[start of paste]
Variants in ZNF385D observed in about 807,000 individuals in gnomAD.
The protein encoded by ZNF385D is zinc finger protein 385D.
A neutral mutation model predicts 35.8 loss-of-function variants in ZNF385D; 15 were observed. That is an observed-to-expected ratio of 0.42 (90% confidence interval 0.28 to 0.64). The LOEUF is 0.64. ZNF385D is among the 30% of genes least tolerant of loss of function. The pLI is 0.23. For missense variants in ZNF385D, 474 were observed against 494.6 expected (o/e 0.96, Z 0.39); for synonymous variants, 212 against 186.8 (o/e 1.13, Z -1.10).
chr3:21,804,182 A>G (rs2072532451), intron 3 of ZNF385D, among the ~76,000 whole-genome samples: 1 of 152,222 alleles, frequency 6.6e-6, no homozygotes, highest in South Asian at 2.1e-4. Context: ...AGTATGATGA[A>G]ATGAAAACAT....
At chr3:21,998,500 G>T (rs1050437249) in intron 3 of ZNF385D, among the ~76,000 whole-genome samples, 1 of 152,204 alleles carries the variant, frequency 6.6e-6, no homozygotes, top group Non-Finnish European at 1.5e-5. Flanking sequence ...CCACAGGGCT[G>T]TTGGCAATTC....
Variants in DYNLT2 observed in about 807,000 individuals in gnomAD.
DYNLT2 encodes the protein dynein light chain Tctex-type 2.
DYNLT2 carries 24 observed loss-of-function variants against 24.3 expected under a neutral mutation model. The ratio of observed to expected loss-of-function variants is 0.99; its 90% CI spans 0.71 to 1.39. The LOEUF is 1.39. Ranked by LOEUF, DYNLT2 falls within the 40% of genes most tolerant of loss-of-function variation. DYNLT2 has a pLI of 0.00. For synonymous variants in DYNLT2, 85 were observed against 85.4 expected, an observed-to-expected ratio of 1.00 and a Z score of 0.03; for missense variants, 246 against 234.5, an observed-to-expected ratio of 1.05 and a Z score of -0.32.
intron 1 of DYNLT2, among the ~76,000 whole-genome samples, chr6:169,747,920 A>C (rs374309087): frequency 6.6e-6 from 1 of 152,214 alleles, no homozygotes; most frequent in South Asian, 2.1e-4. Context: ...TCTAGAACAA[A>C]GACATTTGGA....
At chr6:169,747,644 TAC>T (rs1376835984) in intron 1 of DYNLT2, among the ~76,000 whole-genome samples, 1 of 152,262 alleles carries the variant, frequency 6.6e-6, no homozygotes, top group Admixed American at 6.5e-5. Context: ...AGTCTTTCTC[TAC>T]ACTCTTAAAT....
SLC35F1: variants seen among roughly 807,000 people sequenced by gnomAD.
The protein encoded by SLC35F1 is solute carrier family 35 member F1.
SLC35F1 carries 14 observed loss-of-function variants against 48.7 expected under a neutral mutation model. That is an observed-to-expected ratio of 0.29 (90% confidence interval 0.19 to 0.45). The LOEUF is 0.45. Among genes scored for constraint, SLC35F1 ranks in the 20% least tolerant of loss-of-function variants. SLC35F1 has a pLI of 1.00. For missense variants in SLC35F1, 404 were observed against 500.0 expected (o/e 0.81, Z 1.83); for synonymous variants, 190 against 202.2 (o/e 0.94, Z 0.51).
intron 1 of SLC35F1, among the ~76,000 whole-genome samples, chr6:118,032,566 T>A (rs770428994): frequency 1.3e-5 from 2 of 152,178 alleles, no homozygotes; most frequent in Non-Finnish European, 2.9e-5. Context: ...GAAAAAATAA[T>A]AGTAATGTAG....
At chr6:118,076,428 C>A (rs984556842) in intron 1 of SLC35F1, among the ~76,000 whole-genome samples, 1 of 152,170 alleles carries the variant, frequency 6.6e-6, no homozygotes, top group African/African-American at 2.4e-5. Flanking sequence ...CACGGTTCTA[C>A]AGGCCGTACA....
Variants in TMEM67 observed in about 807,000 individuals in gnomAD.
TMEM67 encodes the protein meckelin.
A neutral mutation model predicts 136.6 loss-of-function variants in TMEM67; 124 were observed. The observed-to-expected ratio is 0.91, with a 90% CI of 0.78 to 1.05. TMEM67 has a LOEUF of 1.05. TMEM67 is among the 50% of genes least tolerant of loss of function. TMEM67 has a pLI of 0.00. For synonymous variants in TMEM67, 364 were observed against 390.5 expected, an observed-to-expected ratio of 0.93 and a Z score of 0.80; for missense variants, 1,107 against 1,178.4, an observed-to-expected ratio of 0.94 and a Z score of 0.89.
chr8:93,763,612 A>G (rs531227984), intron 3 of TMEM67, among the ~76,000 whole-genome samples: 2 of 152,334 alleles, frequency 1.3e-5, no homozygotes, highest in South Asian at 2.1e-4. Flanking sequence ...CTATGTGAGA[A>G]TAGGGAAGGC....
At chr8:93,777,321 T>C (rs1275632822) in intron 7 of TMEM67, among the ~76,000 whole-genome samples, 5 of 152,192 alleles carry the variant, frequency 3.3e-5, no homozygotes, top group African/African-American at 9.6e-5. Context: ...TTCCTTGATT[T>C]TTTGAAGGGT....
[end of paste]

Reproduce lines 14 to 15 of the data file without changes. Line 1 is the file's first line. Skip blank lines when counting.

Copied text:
intron 1 of SLC35F1, among the ~76,000 whole-genome samples, chr6:118,032,566 T>A (rs770428994): frequency 1.3e-5 from 2 of 152,178 alleles, no homozygotes; most frequent in Non-Finnish European, 2.9e-5. Context: ...GAAAAAATAA[T>A]AGTAATGTAG....
At chr6:118,076,428 C>A (rs984556842) in intron 1 of SLC35F1, among the ~76,000 whole-genome samples, 1 of 152,170 alleles carries the variant, frequency 6.6e-6, no homozygotes, top group African/African-American at 2.4e-5. Flanking sequence ...CACGGTTCTA[C>A]AGGCCGTACA....